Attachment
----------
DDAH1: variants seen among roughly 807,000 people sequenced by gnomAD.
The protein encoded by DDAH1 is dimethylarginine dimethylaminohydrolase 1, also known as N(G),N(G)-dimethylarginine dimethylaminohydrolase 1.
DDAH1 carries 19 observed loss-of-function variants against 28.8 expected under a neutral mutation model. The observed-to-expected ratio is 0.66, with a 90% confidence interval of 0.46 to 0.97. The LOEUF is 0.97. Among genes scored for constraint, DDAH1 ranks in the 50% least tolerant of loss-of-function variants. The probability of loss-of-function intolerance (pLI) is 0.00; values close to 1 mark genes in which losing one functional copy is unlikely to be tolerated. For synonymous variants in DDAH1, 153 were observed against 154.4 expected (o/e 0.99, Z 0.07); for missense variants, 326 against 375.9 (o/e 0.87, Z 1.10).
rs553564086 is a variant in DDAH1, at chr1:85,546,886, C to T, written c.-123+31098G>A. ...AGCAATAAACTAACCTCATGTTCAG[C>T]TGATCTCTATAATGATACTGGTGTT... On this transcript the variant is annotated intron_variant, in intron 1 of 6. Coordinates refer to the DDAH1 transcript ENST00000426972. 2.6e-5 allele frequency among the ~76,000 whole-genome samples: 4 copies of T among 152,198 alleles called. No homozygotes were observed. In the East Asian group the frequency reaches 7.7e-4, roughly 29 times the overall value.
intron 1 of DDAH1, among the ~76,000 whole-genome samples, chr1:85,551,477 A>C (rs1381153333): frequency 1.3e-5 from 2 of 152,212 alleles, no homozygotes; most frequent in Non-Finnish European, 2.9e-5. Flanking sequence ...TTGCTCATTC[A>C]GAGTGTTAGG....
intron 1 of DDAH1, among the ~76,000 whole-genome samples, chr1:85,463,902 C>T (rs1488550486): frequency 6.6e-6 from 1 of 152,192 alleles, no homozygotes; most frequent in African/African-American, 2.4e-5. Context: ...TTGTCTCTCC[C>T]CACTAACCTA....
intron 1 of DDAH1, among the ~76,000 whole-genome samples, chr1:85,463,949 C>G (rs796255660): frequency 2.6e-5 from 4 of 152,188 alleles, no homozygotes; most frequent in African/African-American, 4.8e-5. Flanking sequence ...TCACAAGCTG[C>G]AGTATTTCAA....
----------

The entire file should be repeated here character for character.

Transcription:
DDAH1: variants seen among roughly 807,000 people sequenced by gnomAD.
The protein encoded by DDAH1 is dimethylarginine dimethylaminohydrolase 1, also known as N(G),N(G)-dimethylarginine dimethylaminohydrolase 1.
DDAH1 carries 19 observed loss-of-function variants against 28.8 expected under a neutral mutation model. The observed-to-expected ratio is 0.66, with a 90% confidence interval of 0.46 to 0.97. The LOEUF is 0.97. Among genes scored for constraint, DDAH1 ranks in the 50% least tolerant of loss-of-function variants. The probability of loss-of-function intolerance (pLI) is 0.00; values close to 1 mark genes in which losing one functional copy is unlikely to be tolerated. For synonymous variants in DDAH1, 153 were observed against 154.4 expected (o/e 0.99, Z 0.07); for missense variants, 326 against 375.9 (o/e 0.87, Z 1.10).
rs553564086 is a variant in DDAH1, at chr1:85,546,886, C to T, written c.-123+31098G>A. ...AGCAATAAACTAACCTCATGTTCAG[C>T]TGATCTCTATAATGATACTGGTGTT... On this transcript the variant is annotated intron_variant, in intron 1 of 6. Coordinates refer to the DDAH1 transcript ENST00000426972. 2.6e-5 allele frequency among the ~76,000 whole-genome samples: 4 copies of T among 152,198 alleles called. No homozygotes were observed. In the East Asian group the frequency reaches 7.7e-4, roughly 29 times the overall value.
intron 1 of DDAH1, among the ~76,000 whole-genome samples, chr1:85,551,477 A>C (rs1381153333): frequency 1.3e-5 from 2 of 152,212 alleles, no homozygotes; most frequent in Non-Finnish European, 2.9e-5. Flanking sequence ...TTGCTCATTC[A>C]GAGTGTTAGG....
intron 1 of DDAH1, among the ~76,000 whole-genome samples, chr1:85,463,902 C>T (rs1488550486): frequency 6.6e-6 from 1 of 152,192 alleles, no homozygotes; most frequent in African/African-American, 2.4e-5. Context: ...TTGTCTCTCC[C>T]CACTAACCTA....
intron 1 of DDAH1, among the ~76,000 whole-genome samples, chr1:85,463,949 C>G (rs796255660): frequency 2.6e-5 from 4 of 152,188 alleles, no homozygotes; most frequent in African/African-American, 4.8e-5. Flanking sequence ...TCACAAGCTG[C>G]AGTATTTCAA....